The early morbidity and mortality of meconium ileus predom- Age (years)
inantly has a pulmonary origin, the products of which include 1960s 1970s 1980s
bacterial sepsis and bronchopneumonia. Some authors sug-
FIGURE 83-10 Long-term survival rates of patients with meconium ileus
gest that beyond 6 months after the treatment of meconium depicted by decade. A statistically significant improvement in survival is
ileus, the prognosis and morbidity assume that of a patient seen when 1960s, 1970s, and 1980s survival data are compared (P <
with CF without meconium ileus. However, other studies 0.0001). (From Del Pin CA, Czyrko C, Ziegler MM, et al: Management and
suggest that children with meconium ileus have worse lung survival of meconium ileus: A 30-year review. Ann Surg 1992;215:179-185.)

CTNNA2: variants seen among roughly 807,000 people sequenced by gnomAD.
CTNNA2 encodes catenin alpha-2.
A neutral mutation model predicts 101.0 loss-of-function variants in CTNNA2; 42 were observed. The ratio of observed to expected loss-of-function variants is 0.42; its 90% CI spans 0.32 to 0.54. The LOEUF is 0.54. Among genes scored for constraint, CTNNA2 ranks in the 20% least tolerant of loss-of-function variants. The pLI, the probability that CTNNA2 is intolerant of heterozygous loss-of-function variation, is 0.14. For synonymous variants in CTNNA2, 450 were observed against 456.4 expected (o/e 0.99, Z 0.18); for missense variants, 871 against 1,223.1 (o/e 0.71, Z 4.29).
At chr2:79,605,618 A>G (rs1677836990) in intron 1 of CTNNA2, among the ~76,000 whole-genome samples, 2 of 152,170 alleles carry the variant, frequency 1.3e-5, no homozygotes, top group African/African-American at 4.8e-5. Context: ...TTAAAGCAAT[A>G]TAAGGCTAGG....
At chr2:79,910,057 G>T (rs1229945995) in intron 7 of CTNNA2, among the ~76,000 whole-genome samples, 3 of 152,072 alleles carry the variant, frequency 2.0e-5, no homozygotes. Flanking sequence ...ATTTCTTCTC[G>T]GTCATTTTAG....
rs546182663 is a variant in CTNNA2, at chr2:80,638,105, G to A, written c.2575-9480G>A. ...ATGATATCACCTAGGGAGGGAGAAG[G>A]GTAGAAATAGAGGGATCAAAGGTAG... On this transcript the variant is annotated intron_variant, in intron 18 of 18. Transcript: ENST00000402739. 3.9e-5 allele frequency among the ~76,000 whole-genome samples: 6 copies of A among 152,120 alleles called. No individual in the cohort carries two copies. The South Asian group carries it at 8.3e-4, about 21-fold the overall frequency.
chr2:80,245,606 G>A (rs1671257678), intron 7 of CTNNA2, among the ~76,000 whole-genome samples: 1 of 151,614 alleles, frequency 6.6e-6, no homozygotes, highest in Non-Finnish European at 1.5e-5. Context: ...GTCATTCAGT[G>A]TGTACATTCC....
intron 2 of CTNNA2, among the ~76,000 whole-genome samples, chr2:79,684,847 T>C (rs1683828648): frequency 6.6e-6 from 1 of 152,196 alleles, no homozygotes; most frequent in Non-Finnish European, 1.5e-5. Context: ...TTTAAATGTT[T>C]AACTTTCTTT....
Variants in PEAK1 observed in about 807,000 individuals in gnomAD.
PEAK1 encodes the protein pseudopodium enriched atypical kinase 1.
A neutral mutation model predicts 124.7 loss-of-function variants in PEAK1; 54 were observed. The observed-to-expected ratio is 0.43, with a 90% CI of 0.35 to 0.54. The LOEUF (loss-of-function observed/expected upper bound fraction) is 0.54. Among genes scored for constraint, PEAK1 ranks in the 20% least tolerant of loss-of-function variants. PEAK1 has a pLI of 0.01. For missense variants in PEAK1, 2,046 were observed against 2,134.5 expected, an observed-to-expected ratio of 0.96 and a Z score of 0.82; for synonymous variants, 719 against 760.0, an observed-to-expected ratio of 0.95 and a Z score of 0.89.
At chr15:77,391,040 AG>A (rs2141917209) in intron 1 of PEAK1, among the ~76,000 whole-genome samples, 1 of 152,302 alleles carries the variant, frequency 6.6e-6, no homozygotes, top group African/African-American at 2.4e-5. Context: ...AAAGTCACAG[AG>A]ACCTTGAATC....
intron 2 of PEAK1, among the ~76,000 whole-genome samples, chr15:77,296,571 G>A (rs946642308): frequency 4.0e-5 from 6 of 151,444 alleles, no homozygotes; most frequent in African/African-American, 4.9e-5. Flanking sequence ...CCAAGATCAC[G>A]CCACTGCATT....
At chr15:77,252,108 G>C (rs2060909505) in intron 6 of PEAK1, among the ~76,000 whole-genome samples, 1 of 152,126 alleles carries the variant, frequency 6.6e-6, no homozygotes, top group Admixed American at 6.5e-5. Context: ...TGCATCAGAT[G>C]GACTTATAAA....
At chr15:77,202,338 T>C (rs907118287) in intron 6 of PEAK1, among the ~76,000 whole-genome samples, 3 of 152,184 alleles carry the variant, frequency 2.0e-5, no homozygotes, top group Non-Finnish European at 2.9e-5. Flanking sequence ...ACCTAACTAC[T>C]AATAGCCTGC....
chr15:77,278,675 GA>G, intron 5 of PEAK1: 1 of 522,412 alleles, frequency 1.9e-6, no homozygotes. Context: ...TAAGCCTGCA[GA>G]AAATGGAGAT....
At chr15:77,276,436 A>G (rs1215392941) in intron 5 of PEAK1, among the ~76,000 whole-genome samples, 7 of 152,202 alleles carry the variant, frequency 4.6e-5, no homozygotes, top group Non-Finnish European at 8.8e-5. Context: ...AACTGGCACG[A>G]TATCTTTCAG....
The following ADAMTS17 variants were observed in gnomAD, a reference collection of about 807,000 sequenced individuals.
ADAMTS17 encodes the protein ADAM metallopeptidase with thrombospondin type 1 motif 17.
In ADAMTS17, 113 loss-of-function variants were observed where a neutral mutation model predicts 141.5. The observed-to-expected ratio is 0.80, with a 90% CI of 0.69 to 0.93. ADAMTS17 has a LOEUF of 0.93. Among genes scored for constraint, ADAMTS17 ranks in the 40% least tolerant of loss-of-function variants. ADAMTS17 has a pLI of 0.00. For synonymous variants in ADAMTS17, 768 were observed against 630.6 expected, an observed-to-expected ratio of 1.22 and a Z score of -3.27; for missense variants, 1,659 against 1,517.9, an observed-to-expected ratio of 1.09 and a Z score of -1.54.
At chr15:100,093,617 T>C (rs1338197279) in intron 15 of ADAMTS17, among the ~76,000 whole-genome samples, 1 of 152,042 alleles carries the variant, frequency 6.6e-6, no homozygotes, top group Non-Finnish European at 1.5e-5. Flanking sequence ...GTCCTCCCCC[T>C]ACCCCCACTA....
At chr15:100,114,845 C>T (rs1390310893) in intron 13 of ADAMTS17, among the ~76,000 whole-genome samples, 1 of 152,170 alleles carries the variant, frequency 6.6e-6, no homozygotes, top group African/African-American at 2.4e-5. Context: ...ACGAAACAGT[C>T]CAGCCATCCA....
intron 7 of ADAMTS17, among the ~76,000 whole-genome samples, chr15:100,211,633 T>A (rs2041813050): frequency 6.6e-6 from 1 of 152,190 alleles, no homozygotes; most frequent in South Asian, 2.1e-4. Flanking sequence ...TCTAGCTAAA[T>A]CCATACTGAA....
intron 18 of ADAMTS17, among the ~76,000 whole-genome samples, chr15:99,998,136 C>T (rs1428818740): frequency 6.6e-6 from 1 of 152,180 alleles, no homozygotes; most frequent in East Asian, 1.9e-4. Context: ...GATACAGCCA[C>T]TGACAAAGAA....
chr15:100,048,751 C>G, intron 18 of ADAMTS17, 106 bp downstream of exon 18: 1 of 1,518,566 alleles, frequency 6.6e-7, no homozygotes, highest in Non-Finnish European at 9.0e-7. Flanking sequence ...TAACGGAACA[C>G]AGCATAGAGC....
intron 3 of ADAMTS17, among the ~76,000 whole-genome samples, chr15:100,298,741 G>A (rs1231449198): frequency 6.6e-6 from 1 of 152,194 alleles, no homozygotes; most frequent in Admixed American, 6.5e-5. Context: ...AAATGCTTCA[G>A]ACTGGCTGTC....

function and more obstructive lung disease between ages
8 and 12 years than those with CF but without meconium operatively, survival rates at 5 and 10 years for the two catego-
ileus. These changes occur with relatively reduced lung vol- ries improved steadily from the 1960s (30% and 10%, respec-
umes. When Pseudomonas, coliforms, or other specific colo- tively) through the 1970s (80% and 70%, respectively) and
nizing or pathogenic organisms are identified, the early and the 1980s (100% at 5-year follow-up).27,116–118 In the past,
aggressive use of aminoglycosides and semisynthetic penicil- nonoperative treatment had contributed to an improved sur-
lins has been shown to improve survival and outcome, even if vival rate. But in the past decade the survival rate for both op-
used in a prophylactic manner. Finally, the use of aggressive erative and nonoperative treatment was 100%. The significant
physical therapy and postural drainage may further minimize improvement in operative survival has come since the 1960s
pulmonary complications. when the 6-month survival rate was only 33%.119 The oper-
ative 6-month survival rate had improved to 60% before